The clue to what's happening in Rawl sits in the curve of Rte 49, a half mile before you reach the road to the community. The long blue tanker truck with a sign "Water Only" stands ready to serve clean water to nearby residents. The doors at the bottom are open, revealing the faucets that fill jugs and tanks. It's been there more than a year. How long it will have to stay has yet to be decided by government officials in charge of securing public water.
Rawl is an old coal-mining camp about eight miles east of Williamson. Homes are crowded together along the sides of the narrow road that runs three-fourths of a mile to the base of the mountain. One street branches off to the right and makes a steep climb to the top of a knoll. At the top are three houses, home to James Scott, his sister Emma Webb and their mother. Scott was a longtime UMWA miner. He helped lead union efforts and Massey mines, and did such a good job that Massey promoted him to management. After a stint in an office job, he returned to the deep mine. It was the end of the day, and he and a co-worker were leaving when the roof collapsed. Scott's knee was crushed, and he left the mines for good.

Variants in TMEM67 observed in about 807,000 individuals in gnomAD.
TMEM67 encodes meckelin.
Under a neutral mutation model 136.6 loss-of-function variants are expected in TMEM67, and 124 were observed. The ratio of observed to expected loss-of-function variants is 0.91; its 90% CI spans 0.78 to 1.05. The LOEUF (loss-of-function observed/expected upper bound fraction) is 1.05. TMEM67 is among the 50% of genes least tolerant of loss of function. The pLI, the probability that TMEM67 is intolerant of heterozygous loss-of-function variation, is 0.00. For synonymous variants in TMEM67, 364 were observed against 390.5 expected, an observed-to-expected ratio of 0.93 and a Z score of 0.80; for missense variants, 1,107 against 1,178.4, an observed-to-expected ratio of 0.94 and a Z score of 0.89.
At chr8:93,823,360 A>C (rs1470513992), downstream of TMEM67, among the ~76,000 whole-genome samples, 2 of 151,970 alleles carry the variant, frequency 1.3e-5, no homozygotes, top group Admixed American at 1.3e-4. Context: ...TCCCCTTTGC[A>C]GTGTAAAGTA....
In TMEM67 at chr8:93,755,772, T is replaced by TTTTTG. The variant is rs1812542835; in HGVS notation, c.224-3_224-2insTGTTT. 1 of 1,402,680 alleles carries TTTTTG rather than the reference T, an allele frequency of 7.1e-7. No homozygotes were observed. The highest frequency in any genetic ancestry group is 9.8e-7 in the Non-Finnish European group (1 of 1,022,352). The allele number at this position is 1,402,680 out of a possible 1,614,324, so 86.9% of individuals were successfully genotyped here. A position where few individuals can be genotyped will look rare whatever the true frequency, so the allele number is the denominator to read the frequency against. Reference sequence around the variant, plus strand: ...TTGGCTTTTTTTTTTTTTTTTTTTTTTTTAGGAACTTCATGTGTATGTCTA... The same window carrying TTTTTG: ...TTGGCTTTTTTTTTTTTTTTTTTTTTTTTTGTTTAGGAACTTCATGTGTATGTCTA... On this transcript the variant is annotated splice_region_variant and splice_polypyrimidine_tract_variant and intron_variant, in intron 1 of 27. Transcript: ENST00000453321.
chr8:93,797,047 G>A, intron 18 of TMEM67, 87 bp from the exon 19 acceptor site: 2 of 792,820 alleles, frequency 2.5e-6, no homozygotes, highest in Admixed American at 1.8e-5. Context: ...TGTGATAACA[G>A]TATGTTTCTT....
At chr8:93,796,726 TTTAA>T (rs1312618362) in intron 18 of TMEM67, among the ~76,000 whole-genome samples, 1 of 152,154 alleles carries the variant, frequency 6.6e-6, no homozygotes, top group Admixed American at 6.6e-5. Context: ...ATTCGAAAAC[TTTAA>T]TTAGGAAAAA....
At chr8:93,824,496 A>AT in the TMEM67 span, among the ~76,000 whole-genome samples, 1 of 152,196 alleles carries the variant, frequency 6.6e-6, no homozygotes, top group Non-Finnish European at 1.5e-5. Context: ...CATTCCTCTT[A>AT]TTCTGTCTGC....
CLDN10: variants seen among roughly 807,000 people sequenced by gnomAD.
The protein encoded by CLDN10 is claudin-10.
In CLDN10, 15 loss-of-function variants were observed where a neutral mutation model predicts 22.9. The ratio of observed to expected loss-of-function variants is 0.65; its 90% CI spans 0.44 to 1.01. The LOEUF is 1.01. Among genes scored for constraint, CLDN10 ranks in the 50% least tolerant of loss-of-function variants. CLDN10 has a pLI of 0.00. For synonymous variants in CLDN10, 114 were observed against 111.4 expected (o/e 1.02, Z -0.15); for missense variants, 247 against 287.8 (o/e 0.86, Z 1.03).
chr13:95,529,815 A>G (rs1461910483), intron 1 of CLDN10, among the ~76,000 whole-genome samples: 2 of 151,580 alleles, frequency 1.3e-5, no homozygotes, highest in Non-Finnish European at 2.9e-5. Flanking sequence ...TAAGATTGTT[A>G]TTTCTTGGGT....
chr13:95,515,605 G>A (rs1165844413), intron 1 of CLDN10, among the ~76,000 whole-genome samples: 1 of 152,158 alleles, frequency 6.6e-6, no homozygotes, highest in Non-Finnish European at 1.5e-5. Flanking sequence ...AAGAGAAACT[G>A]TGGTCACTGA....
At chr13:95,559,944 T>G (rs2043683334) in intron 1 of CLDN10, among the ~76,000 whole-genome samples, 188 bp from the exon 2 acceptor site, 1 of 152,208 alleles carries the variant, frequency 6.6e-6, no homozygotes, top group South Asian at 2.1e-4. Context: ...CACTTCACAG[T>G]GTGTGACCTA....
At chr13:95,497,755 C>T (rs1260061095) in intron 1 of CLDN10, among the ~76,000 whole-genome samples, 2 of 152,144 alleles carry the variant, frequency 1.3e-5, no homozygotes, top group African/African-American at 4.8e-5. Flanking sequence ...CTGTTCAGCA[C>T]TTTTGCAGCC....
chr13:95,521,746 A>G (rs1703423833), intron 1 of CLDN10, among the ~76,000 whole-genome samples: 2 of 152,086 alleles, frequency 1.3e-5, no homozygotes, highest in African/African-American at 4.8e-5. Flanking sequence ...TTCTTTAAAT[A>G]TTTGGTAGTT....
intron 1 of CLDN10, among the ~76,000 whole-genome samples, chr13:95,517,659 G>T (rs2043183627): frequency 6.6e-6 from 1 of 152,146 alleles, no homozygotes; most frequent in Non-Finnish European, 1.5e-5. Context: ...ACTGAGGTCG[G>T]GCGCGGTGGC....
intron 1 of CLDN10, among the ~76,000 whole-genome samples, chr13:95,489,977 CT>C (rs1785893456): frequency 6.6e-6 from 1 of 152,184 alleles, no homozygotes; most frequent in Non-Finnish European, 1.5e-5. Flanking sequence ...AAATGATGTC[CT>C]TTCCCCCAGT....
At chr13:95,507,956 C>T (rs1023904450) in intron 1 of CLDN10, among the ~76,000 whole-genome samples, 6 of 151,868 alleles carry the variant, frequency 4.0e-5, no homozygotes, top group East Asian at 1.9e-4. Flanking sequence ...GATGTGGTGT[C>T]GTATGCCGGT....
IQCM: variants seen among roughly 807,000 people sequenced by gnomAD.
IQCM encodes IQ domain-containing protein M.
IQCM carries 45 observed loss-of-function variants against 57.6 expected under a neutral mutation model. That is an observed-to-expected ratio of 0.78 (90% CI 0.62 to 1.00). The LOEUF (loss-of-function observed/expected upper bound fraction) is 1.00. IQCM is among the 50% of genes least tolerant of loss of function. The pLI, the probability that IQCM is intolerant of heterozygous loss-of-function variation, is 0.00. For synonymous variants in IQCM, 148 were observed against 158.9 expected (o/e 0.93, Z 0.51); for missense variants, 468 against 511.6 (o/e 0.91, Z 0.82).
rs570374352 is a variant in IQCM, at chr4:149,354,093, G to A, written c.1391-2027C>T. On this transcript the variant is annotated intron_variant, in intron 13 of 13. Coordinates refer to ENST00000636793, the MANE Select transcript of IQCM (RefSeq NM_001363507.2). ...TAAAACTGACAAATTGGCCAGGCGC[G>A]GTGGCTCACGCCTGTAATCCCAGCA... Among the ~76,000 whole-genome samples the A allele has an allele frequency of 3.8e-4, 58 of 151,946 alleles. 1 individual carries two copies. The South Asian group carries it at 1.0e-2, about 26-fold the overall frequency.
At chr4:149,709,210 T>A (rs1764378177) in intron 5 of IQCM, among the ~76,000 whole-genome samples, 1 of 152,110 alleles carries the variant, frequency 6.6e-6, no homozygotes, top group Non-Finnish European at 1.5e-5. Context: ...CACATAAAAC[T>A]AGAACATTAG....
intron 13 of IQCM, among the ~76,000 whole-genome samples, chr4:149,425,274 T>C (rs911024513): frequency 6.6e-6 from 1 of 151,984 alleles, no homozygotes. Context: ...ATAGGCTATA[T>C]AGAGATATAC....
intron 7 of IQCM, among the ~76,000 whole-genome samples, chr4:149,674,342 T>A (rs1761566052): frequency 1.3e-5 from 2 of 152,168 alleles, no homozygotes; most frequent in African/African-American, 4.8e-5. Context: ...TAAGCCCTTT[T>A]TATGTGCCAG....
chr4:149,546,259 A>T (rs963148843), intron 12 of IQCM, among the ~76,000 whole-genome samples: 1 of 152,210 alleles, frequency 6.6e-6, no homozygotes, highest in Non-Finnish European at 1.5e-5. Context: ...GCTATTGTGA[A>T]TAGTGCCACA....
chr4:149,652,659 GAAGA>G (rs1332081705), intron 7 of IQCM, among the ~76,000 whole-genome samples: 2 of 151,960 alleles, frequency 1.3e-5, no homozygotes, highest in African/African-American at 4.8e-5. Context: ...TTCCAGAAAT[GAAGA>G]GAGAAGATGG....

In Scott's front yard, a few steps from the front door, is a decorative well house. Next to it is the squat pipe that designates a drilled well. The quaintness belies the troubled history of this water supply for all three homes.
Rawl was undermined at least twice in the 1970s and 1980s. Gradually, homeowners saw their wells dwindle and the water turn orange and sometimes smelly. The entire community had been destroyed in the flood of 1977. When it was rebuilt, a community water system was installed. By the late 1990s, the water in the system was unusable. When Scott unlocks the door on the small water building and turns on the water. It runs out of the pipe like tomato soup: thick with orange sediment.
In 1992, Scott drilled a well for his house. The deep mining was gone; he thought the well would last. He hadn't considered the A.T. Massey mountaintop mine to the north of the community. In 1994, a blast shook the earth, and the well went dry. In 1996, he drilled another well close to the house, going down 174 feet. It supplied the three houses until Feb. 27, 1998.